Table S1. Mean sizes and masses of experimental animals from Community disassembly and disease: realistic—but not randomized—biodiversity losses enhance parasite transmission
journal contributionposted on 25.04.2019 by Pieter T. J. Johnson, Dana M. Calhoun, Tawni Riepe, Travis McDevitt-Galles, Janet Koprivnikar
Any type of content formally published in an academic journal, usually following a peer-review process.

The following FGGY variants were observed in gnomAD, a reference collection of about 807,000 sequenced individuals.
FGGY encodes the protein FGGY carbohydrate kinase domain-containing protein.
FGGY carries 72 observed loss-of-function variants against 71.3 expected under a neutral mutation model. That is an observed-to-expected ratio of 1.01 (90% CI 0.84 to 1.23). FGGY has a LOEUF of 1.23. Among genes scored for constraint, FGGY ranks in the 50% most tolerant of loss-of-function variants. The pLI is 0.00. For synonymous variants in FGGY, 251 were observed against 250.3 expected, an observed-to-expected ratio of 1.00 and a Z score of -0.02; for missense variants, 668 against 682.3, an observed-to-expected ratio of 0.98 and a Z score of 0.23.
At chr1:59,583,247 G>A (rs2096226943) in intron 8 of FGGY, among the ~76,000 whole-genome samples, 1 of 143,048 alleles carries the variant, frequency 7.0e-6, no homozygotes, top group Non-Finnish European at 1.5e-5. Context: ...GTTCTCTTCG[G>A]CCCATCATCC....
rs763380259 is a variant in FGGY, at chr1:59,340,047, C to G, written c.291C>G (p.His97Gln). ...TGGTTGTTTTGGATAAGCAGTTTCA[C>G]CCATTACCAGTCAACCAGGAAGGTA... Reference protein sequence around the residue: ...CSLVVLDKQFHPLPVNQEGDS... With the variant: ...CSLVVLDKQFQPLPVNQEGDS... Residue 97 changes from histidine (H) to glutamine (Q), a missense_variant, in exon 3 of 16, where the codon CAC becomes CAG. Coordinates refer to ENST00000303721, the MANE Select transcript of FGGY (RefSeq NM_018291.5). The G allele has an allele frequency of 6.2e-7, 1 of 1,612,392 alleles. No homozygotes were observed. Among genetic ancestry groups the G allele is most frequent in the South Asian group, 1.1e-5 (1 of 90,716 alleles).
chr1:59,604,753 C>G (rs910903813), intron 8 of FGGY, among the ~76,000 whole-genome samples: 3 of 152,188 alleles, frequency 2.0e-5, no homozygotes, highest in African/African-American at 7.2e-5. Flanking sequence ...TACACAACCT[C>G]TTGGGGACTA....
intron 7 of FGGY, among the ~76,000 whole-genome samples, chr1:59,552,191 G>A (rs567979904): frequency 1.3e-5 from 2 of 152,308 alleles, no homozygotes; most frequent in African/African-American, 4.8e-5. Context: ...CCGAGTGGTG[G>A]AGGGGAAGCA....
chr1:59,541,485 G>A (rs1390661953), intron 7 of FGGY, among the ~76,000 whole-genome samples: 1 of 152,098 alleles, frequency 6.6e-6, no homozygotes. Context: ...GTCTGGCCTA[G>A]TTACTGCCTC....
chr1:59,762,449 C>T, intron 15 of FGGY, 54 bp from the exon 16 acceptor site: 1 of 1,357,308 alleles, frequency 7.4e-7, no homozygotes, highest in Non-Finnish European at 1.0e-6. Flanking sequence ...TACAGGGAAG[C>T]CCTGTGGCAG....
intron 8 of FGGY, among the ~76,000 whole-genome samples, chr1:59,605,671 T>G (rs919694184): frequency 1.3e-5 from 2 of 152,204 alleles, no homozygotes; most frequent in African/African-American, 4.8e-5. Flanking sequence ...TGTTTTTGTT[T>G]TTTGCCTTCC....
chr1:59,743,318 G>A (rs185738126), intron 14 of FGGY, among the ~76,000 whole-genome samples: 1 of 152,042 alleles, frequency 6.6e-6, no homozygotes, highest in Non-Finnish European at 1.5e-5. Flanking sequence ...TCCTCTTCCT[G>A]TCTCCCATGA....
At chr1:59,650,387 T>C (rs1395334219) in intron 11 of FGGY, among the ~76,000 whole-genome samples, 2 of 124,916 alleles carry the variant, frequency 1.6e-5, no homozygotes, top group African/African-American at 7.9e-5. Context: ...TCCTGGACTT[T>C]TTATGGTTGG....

Debates over the relationship between biodiversity and disease dynamics underscore the need for a more mechanistic understanding of how changes in host community composition influence parasite transmission. Focusing on interactions between larval amphibians and trematode parasites, we experimentally contrasted the effects of host richness and species composition to identify the individual and joint contributions of both parameters on the infection levels of three trematode species. By combining experimental approaches with field surveys from 147 ponds, we further evaluated how richness effects differed between randomized and realistic patterns of species loss (i.e. community disassembly). Our results indicated that community-level changes in infection levels were owing to host species composition, rather than richness. However, when composition patterns mirrored empirical observations along a natural assembly gradient, each added host species reduced infection success by 12–55%. No such effects occurred when assemblages were randomized. Mechanistically, these patterns were due to non-random host species assembly/disassembly: while highly competent species predominated in low diversity systems, less susceptible hosts became progressively more common as richness increased. These findings highlight the potential for combining information on host traits and assembly patterns to forecast diversity-mediated changes in multi-host disease systems.